Breakfast is one of my favourite times of day. I’ve been out for a run with the dog so feel very virtuous, and of course have the Financial Times to enjoy. This morning, one article had me spluttering over my coffee, however. Premium headphone-maker Sennheiser is leading a campaign against fake electronic goods. This is understandable; as a spokesman pointed out, if people buy cheap rip-offs thinking they’re the real thing, it will damage the company’s reputation. But what provoked me was the statement that the fakes had cost the company $2m in lost sales.
No they haven’t. That sum is based on a comparison with the false counterfactual that everyone who bought fake headphones would have bought the real thing if the cheap copy had been unavailable. The true counterfactual is that almost nobody who bought the fake item would have otherwise bough the real one, which apparently costs around $300. If anybody suffered lost sales, it was makers of cheap headphones, who should be joining Sennheiser’s campaign. Similarly, almost nobody who buys a $20 ‘Louis Vuitton’ handbag at the local market would otherwise have spent $2000 on the real McCoy. I suspect that relatively few people who buy fakes consumer goods actually think they’re getting the real item, although some no doubt are fooled. The price contains the information about authenticity and most people understand that.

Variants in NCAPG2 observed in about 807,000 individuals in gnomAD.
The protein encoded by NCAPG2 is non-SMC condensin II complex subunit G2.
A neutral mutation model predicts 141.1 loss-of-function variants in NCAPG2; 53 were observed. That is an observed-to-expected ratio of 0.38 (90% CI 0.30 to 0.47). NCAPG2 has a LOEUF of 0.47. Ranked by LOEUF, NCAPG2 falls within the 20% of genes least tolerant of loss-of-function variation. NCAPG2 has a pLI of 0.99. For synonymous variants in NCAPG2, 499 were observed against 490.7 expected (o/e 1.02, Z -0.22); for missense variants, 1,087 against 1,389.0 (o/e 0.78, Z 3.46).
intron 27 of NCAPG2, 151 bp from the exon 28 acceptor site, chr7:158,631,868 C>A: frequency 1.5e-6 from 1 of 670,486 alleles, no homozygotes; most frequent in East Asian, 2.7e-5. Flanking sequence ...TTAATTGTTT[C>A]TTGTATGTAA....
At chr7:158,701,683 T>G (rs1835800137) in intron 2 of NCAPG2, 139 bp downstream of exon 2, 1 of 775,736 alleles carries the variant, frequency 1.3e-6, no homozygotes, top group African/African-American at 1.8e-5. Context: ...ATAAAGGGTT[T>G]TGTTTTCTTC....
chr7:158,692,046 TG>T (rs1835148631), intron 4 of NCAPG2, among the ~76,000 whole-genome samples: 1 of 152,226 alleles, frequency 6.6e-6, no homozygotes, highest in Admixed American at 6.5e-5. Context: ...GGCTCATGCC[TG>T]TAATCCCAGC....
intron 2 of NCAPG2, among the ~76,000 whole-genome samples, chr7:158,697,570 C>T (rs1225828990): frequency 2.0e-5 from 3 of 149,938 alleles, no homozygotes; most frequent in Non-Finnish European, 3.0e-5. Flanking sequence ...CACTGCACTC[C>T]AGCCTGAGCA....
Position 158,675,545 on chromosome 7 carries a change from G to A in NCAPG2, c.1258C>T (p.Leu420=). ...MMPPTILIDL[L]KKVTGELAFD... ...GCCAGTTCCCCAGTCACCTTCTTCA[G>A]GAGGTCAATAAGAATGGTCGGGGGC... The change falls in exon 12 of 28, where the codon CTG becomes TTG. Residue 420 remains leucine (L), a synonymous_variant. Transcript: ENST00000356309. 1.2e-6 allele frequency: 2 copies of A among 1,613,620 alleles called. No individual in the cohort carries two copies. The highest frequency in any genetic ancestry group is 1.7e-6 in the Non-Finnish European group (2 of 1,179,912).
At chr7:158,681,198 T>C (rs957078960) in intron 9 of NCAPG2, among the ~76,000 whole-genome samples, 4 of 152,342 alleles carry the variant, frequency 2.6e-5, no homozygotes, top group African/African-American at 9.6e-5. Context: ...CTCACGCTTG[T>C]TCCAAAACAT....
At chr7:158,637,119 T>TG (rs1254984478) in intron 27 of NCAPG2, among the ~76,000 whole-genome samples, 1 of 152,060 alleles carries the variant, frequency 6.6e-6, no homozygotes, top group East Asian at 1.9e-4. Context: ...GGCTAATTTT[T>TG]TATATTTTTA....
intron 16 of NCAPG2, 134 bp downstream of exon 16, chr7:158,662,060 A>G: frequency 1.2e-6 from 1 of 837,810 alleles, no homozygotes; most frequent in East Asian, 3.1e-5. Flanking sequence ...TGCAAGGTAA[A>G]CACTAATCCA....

The erroneous counterfactual about market size is often introduced into discussions of online piracy too. Although some people who download free music from filesharing sites would otherwise have bought it, many would not. Demand is negatively correlated with price in most markets.
This is not to condone piracy at all. In the case of electronic items it can be seriously dangerous, and I think it’s a big problem. I just wish people would learn to think about counterfactuals. It isn’t taught properly in economics courses, although essential in competition analysis – and also in good econometrics, including estimating the effect of introducing a low-priced copy of a consumer good into a market. The best discussion I’ve come across is in Mostly Harmless Econometrics by Joshua Angrist and Jorn-Steffen Pischke.